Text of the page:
- Ask whether the services your agency offers are likely to go beyond the intended outcomes to other unintended outcomes. (For example, Does an increase in employment outcomes result in improved self-esteem among service recipients? Should you try to capture that as an outcome?)
- Examine your agency’s mission statement, strategic plan, or results of former program evaluation efforts (if available) to hone in on your agency’s intended effects and thus the outcomes you should measure.
- Determine what domains, or areas, need to be measured from these efforts (for example, housing, employment, social inclusion, satisfaction).
- Develop clear definitions, or criteria, for these domains so that the appropriate measures or instruments can be located. (For example, if your intended effect is to increase employment outcomes, does that mean: a) an increase in the number of individuals employed in competitive work; b) an increase in the number employed in any kind of work; c) increases in length of employment, or all of the above?)
Selecting an Outcome Measure or Instrument
Evaluating program effectiveness decreases vulnerability to stakeholders and funders who want to know whether a program represents money well spent. However, providers must have confidence in the measures being used. Choosing high quality and appropriate measures is critical.
Look for existing measures that match the outcomes needing to be addressed, rather than using home-grown surveys or instruments developed just for the purpose at hand. Doing so will ensure that the measures have been tested and are known to be reliable and valid (see the SAMHSA Multi-site Studies Table and Empowerment Scale as excellent examples).
SAMHSA Multi-Site Studies
Over 10 years ago, SAMHSA embarked on a series of large-scale, multi-site studies; and in the course of planning these studies, instruments to measure the outcomes and effectiveness of services were carefully sought out and considered. The examining process included: the relevance of the instrument to the questions being asked; the burden of administering the instrument; and the accuracy and consistency of the measure (sometimes called reliability and validity); and the ability of the measure to capture the concept of interest. All of these factors are important considerations in determining the quality of any measuring tool.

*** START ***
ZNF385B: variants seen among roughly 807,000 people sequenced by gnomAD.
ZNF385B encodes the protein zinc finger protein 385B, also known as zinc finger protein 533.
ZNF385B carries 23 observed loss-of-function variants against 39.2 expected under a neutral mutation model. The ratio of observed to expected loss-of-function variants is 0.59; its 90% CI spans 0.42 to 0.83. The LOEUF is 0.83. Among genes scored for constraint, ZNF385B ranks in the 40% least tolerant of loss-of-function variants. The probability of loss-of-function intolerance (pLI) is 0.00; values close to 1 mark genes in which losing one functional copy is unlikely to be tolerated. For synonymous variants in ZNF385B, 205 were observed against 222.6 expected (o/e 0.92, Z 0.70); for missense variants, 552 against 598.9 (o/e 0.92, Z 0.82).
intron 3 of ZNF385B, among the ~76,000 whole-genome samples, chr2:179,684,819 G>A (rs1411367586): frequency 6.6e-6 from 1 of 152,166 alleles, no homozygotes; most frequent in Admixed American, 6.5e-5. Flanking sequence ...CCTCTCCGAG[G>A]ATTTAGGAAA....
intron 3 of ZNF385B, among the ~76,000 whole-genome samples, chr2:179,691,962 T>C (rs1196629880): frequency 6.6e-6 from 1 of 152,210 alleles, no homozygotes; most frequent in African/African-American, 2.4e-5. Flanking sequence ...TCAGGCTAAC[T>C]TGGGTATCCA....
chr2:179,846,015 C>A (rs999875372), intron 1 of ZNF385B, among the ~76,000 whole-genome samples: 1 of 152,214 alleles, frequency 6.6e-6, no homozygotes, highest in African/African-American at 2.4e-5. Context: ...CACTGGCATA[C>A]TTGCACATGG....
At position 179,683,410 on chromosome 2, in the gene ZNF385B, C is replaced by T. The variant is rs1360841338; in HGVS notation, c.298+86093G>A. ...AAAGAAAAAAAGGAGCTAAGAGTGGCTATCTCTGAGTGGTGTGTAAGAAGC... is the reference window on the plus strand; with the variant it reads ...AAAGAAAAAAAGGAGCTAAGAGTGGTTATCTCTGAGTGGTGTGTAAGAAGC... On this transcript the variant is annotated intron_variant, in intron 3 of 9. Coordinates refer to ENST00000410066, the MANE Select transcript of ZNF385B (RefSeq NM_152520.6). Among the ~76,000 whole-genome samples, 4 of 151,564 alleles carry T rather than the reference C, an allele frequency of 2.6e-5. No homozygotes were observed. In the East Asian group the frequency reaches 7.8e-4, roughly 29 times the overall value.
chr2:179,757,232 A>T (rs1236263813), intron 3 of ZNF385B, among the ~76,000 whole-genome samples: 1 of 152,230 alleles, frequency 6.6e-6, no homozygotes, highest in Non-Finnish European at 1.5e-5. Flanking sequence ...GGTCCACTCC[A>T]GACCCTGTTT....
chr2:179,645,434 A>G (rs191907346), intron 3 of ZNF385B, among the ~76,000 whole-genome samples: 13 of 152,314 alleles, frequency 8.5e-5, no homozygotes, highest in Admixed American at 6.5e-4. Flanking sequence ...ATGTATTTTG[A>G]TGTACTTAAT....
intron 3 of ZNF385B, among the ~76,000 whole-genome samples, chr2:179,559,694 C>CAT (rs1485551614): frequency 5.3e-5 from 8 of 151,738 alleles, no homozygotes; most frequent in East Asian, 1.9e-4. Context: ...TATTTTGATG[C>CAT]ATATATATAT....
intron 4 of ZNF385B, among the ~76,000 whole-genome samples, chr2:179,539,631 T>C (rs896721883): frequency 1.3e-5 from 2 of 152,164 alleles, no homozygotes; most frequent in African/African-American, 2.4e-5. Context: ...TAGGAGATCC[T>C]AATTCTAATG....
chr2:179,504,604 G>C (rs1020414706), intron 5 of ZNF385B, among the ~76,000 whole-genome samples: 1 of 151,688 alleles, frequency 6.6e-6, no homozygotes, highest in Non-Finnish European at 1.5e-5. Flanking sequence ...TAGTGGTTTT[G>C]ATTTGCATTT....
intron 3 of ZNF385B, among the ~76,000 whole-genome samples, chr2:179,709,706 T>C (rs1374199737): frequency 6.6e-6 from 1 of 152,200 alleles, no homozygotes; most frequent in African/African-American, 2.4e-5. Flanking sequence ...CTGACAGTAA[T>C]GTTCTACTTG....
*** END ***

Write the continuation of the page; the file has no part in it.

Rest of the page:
These studies examined the effectiveness of services and interventions for individuals with serious mental illnesses, often by examining those services in real world contexts rather than controlled and artificial circumstances. These multi-site studies brought together a variety of experts in the field of mental health, rehabilitation, research, policy, administration, and individuals who could speak to the lived experience of having a psychiatric disability; and did so across many geographically dispersed sites.
For example, the Consumer Operated Services Program (COSP) multi-site study examined 8 consumer-operated programs across the country including drop-in centers, peer support, and education and advocacy programs run for consumers by consumers. They considered 5 important domains of outcomes and functioning likely to be affected by the programs including: empowerment, housing, social inclusion, employment, and satisfaction with services. Their compilation of instruments was developed with a significant amount of deliberation, vetting, and discussion among researchers, program administrators, and consumers to ensure that the measures chosen were relevant, acceptable to consumers, and that they were a good match for the questions being studied.
The Empowerment Scale
The Empowerment Scale is another example of a well-vetted measure that can be used by others with compatible outcome measurement requirements. Since the Empowerment Scale was first developed and published by the Center for Psychiatric Rehabilitation, it has been used in a variety of settings including peer-run programs, multi-site federally funded studies, universities, community support programs, and residential programs, to name a few. The scale has been translated for programs in Italy, Japan, the Netherlands, Australia, and England. Most recently, the scale has been adopted for use in a Pan-European study in which it will be formally translated into 18 languages.